Plaque Psoriasis, the most common form, is a skin condition that can range in intensity from mild cases that are not much more than a nuisance to more severe cases that sometimes affect the nails, scalp and joints as well as the skin. It is characterized by red patches of skin covered by silvery scales. These patches can sometimes be accompanied by itching and burning sensations but more often than not they are nothing more than an embarrassment thanks to their appearance.
In cases where the nails are affected, there can be severe pitting of the nails and in some cases the nails can become loosened and even crumble. When the joints are affected, that is commonly known as psoriatic arthritis and it can have some of the same swelling, stiffness and aching of traditional arthritis.
The condition can affect individuals of any age and generally tends to run in families. In fact, nearly 40% of cases can be traced to a genetic predisposition.
What causes plaque psoriasis?
The cause of psoriasis is unknown. In plaque psoriasis, areas of the skin grow much faster than normal and form red, scaling patches. The scalp, elbows, and knees are the most common sites; however any part of the skin may become involved.
Psoriasis is a problem only because it itches and is unsightly; fortunately it is not contagious. If the skin is traumatized, psoriasis can form in the affected area. The unusual skin growth that is the basis of this condition is related to immune system deficiencies, though doctors are unsure of what causes these underlying deficiencies in the first place.
Because of this connection, however, psoriasis tends to be more common among individuals with compromised immune systems, such as those who experience frequent viral infections or individuals with HIV.
Psoriasis Treatment Options Are Numerous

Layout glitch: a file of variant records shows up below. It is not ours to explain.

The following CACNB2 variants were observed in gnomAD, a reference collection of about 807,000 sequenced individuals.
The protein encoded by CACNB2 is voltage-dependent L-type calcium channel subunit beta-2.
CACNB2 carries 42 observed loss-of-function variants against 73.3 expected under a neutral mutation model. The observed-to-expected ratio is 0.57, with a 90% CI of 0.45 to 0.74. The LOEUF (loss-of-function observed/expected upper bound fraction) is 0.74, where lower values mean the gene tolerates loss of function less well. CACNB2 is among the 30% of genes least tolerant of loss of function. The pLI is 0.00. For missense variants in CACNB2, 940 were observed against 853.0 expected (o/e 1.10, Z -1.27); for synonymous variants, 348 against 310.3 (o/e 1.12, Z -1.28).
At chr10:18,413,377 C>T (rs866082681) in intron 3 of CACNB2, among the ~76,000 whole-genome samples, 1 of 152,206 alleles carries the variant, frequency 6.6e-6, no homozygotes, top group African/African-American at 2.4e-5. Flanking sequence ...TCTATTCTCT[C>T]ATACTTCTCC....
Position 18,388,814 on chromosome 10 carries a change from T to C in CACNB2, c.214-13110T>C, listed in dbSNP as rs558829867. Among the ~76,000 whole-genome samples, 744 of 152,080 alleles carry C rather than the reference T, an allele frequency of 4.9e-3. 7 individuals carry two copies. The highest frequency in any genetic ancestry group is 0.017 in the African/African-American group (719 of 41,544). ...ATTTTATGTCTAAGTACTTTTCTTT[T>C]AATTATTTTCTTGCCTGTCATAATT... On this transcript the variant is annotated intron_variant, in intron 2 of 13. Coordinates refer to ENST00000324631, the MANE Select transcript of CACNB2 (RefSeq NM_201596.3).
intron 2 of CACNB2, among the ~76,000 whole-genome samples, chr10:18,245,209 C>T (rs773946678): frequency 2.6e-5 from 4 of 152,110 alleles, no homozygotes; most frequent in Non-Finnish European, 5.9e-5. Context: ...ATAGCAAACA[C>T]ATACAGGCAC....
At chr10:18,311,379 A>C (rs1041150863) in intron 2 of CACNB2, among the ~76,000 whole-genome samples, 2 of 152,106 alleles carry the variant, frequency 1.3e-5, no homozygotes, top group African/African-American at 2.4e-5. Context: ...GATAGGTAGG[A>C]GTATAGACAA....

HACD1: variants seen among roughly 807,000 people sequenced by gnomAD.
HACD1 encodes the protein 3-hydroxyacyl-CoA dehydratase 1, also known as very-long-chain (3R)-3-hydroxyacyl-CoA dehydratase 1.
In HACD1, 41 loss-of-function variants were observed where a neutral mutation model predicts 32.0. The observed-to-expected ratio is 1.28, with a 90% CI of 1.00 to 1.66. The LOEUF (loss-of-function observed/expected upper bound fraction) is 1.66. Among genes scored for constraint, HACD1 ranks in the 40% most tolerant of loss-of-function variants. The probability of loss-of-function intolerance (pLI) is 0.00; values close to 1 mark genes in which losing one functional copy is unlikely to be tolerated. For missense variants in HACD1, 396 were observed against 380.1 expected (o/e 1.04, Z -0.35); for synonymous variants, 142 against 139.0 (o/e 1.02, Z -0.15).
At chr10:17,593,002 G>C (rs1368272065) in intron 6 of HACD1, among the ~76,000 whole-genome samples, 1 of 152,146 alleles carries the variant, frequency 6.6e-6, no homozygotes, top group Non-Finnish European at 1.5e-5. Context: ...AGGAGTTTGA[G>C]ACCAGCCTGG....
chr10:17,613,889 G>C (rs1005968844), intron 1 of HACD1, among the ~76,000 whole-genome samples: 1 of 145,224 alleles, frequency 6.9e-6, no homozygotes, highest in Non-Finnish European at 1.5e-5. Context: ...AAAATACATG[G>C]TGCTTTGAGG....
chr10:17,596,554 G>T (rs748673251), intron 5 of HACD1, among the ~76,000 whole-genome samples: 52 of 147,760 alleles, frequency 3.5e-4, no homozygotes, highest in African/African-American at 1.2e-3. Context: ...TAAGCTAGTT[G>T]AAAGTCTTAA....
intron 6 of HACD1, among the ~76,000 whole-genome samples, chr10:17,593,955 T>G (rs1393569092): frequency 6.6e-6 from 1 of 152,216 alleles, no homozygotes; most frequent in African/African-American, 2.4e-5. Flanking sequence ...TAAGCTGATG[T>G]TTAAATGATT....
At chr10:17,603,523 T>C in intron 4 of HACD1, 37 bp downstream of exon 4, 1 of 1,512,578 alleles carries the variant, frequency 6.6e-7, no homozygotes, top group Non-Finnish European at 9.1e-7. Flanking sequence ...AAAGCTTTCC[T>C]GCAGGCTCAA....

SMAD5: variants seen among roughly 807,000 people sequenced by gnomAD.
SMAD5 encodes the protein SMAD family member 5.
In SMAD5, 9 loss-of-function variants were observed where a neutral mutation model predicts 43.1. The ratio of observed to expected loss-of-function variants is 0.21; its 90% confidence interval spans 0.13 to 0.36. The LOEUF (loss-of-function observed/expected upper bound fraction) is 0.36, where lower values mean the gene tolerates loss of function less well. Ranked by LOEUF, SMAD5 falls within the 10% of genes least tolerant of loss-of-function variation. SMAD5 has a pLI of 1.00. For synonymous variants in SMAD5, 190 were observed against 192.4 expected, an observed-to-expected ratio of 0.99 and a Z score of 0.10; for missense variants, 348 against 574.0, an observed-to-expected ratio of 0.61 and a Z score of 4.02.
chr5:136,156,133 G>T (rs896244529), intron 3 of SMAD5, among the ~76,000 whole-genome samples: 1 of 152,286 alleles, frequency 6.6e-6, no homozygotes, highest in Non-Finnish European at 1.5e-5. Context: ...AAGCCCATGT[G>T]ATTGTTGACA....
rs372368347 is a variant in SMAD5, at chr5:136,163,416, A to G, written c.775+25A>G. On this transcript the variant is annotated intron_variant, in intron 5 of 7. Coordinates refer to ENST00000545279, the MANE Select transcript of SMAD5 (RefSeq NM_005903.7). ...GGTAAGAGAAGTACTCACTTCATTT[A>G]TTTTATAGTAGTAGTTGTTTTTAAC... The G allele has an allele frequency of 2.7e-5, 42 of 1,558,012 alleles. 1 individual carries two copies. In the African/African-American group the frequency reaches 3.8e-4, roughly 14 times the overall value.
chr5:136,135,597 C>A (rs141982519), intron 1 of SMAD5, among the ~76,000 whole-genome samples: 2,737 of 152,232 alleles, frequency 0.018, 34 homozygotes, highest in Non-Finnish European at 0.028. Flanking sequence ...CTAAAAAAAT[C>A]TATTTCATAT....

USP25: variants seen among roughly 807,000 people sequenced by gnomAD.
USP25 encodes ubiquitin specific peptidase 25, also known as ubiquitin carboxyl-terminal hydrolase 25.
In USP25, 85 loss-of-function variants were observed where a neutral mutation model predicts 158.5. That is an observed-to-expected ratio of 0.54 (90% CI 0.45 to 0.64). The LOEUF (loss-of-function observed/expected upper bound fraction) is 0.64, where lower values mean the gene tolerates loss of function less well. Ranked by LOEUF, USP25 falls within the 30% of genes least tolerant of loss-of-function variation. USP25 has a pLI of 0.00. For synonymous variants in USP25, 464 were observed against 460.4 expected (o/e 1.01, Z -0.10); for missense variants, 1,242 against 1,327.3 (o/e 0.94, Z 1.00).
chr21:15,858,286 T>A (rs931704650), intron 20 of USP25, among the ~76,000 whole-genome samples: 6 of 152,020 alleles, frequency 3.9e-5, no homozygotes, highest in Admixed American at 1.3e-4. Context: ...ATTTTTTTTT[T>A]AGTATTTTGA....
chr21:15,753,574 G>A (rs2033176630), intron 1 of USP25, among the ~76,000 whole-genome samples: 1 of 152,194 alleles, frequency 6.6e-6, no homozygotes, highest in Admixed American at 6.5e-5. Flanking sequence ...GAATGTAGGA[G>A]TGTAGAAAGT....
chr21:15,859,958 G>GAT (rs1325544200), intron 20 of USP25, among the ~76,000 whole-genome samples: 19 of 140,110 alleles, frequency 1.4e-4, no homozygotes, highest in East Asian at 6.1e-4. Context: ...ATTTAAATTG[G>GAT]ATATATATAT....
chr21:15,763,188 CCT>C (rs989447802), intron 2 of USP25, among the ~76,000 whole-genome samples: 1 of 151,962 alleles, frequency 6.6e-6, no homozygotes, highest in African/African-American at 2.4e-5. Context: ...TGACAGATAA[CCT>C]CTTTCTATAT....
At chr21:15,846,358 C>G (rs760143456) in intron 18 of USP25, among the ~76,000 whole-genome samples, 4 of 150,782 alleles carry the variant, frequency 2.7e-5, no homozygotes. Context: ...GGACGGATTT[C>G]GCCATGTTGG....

Treatment is temporarily effective, and may need to be continued for quite a while, but there is no magic cure for psoriasis. If you have psoriasis of the scalp, it helps to wash your hair often. Moderate sunlight exposure of the scalp is often helpful.
Light therapy is one of the most popular and effective forms of treatment for psoriasis. Though it can help, sunlight causes aging of the skin and skin cancer, so you need to limit sunlight exposure.
Artificial ultraviolet light (phototherapy) helps and is even more effective when used with tar or anthralin. There are two types of phototherapy: PUVA and UVB phototherapy. Both can help to ease symptoms by improving immune system function and slowing skin cell turnover.
Psoriasis causes the skin to lose water to the environment, so you must lubricate the areas of psoriasis with liberal amounts of Vaseline or other moisturizers.
Salicylic acid is used to dissolve the scales in psoriasis so that other medicines can penetrate the skin.
Mild psoriasis can be treated effectively with cortisone ointments. Severe psoriasis can be treated with methotrexate. Use of the drug can cause liver damage, so patients on methotrexate must receive a liver biopsy every year. Anthralin is an effective treatment for many cases of psoriasis.
Dovonex (Vitamin D) ointment is another safe and effective treatment for psoriasis. It is very expensive but is covered by most prescription plans. Dovonex is usually used in combination with other treatments.
People with psoriasis should not take Prednisone or other steroids by mouth. Nor should patients with psoriasis have shots of cortisone. These medicines temporarily improve psoriasis but when stopped can lead to severe flares of this condition.
For more information you can visit the National Psoriasis Foundation.